Thursday I previewed Haughton's International Fine Art and Antiques Dealers Show, which runs this weekend through next Thursday, October 28. The promoters appealed to this blogger's vanity by sending me an invite to their press preview, so I slipped out of work and headed uptown for the opportunity to wear a press pass for the first time in my life. It was cool to stroll the aisles without the crowds and to appreciate the beautiful antiques without having to cower in my shabby boots next to the customers who could actually afford to buy these things. But what I really liked was watching the show go up. A sphinx stared at a vacuum, a box of trash bags was tossed at the feet of a leaping rabbit sculpture. Dealers bustled about, or bent down and polished the floor of their booth themselves. Haughton covered the experience in their blog entry "Moving In: The Grease Paint Behind the Glitter."
Like most collectors, I have specific tastes, and what I don't like is dead to me. I have absolutely no interest in mirrors. None. But, as I tried to hurry past, I was beckoned by the publicist for Ronald Philips of London and ended up getting a mini-education in mirrors from Christopher Johnstone. Through his enthusiasm, what was "dead to me" suddenly came to life. This pair of English mirrors, for instance, was made in 1705. Since their size was as large an area as could be blown by an artisan without cracking the glass, owning a pair represented an ostentatious display of wealth. (Since the value was in the glass, they weren't framed, because ... why hide your money?) And now they've survived the trip across the Atlantic. With a $906,750. price tag, they still represent a pretty darn impressive show of wealth.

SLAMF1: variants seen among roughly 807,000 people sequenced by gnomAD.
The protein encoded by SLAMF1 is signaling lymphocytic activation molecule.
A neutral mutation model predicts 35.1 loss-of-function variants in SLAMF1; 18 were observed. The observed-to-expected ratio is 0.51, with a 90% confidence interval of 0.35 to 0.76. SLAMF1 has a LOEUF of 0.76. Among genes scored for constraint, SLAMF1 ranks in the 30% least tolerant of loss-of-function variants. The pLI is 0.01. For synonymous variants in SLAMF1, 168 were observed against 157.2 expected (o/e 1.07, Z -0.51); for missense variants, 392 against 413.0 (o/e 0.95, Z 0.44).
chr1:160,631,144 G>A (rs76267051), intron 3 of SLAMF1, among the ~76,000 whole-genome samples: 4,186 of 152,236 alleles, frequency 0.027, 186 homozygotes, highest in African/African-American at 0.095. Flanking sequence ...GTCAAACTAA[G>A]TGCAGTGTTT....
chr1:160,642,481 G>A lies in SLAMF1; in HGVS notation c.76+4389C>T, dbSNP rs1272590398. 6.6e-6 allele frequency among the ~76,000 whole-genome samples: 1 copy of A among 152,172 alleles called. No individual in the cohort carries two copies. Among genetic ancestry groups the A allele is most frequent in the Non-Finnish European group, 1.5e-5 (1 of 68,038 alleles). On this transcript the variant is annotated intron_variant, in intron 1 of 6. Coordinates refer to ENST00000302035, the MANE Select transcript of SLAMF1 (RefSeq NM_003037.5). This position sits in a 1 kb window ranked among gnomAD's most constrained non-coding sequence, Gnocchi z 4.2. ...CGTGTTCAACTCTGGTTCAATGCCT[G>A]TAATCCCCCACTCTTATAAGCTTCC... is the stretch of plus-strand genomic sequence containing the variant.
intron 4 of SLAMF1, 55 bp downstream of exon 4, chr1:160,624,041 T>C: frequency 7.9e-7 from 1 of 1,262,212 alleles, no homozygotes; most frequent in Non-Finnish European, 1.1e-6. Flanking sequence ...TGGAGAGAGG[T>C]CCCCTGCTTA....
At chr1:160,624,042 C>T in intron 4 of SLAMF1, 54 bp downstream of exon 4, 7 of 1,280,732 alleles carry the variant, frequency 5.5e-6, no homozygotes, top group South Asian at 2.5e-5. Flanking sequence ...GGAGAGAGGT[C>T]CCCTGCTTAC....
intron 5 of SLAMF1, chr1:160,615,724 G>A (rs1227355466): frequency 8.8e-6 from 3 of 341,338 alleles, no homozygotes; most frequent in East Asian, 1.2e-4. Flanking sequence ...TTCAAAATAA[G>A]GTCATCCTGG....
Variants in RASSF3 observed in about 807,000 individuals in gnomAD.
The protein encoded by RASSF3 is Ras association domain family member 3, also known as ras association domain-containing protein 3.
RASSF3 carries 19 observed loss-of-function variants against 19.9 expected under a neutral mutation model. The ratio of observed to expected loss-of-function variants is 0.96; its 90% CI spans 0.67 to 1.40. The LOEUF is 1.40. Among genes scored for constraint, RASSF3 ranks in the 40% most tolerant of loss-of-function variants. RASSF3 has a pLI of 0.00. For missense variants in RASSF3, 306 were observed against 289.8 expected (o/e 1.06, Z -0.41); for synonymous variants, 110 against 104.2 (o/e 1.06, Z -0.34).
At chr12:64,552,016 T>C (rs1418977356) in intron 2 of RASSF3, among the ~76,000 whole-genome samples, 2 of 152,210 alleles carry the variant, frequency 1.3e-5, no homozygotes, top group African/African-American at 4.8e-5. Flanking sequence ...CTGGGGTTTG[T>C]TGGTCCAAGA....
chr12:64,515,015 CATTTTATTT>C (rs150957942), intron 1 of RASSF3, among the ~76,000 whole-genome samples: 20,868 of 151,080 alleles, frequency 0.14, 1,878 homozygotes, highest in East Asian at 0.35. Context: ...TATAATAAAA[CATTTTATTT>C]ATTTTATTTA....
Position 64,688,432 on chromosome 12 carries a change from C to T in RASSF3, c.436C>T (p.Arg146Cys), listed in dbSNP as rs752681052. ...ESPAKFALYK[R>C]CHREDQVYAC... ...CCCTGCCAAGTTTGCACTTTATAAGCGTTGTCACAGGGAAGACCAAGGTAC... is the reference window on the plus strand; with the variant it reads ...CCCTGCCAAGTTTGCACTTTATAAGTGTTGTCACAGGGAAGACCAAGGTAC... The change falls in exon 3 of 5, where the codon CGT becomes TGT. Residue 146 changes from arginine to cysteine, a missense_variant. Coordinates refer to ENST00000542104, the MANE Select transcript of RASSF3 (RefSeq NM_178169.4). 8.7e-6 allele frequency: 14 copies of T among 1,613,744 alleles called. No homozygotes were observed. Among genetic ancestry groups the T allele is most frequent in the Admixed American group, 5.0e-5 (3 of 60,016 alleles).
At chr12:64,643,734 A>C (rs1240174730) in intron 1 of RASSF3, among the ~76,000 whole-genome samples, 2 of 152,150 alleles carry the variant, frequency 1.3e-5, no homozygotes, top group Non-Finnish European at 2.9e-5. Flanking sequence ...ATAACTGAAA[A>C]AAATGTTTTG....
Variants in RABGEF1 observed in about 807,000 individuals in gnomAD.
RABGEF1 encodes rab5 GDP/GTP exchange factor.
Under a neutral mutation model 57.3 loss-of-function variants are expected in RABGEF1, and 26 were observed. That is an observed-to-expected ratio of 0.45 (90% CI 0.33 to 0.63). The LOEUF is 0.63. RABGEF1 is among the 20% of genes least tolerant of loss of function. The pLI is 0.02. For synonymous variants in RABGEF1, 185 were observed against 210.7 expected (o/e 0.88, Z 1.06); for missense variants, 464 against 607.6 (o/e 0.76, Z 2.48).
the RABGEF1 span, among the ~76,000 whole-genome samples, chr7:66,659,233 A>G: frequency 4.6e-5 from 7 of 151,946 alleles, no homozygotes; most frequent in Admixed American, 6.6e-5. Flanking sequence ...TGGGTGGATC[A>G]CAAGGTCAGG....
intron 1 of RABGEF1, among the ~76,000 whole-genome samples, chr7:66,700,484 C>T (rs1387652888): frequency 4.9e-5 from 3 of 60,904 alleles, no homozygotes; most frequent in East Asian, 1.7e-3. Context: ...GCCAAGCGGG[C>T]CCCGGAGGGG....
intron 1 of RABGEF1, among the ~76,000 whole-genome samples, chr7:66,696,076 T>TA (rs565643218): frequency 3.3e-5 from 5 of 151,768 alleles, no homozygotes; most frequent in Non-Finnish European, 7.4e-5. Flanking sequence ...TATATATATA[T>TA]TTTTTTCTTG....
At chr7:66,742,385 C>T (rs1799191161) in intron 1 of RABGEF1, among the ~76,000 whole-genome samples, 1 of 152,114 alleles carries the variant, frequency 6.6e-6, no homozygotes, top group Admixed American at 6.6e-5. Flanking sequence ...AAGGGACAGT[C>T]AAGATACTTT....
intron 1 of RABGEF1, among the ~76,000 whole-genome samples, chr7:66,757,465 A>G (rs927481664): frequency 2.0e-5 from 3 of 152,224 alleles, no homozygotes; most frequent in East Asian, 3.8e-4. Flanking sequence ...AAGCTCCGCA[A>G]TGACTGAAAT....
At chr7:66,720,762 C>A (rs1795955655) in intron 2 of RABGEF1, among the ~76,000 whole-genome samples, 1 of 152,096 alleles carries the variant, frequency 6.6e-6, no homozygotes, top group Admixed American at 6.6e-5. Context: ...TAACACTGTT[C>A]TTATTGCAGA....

I kept circling back to the Sladmore exhibit. This company has two galleries in London: Sladmore Gallery, which originated with a collection of nineteenth century bronze animal sculptures, and Sladmore Contemporary. The sculptures on view represented a sleek, beautiful farmyard. After that I was drawn to the Japanese scrolls on display at Erik Thomsen Asian Art. To my disappointment, that afternoon the Japanese screens were folded and tucked away, but it gives me a good reason to visit this NYC gallery in the future.
This year the fair has inaugurated a great blog on which you can follow the events and read dealer spotlights. Better yet, go in person. The organizers promise a range of goods at all price points–start your Christmas shopping early. (Mirrors, anyone?)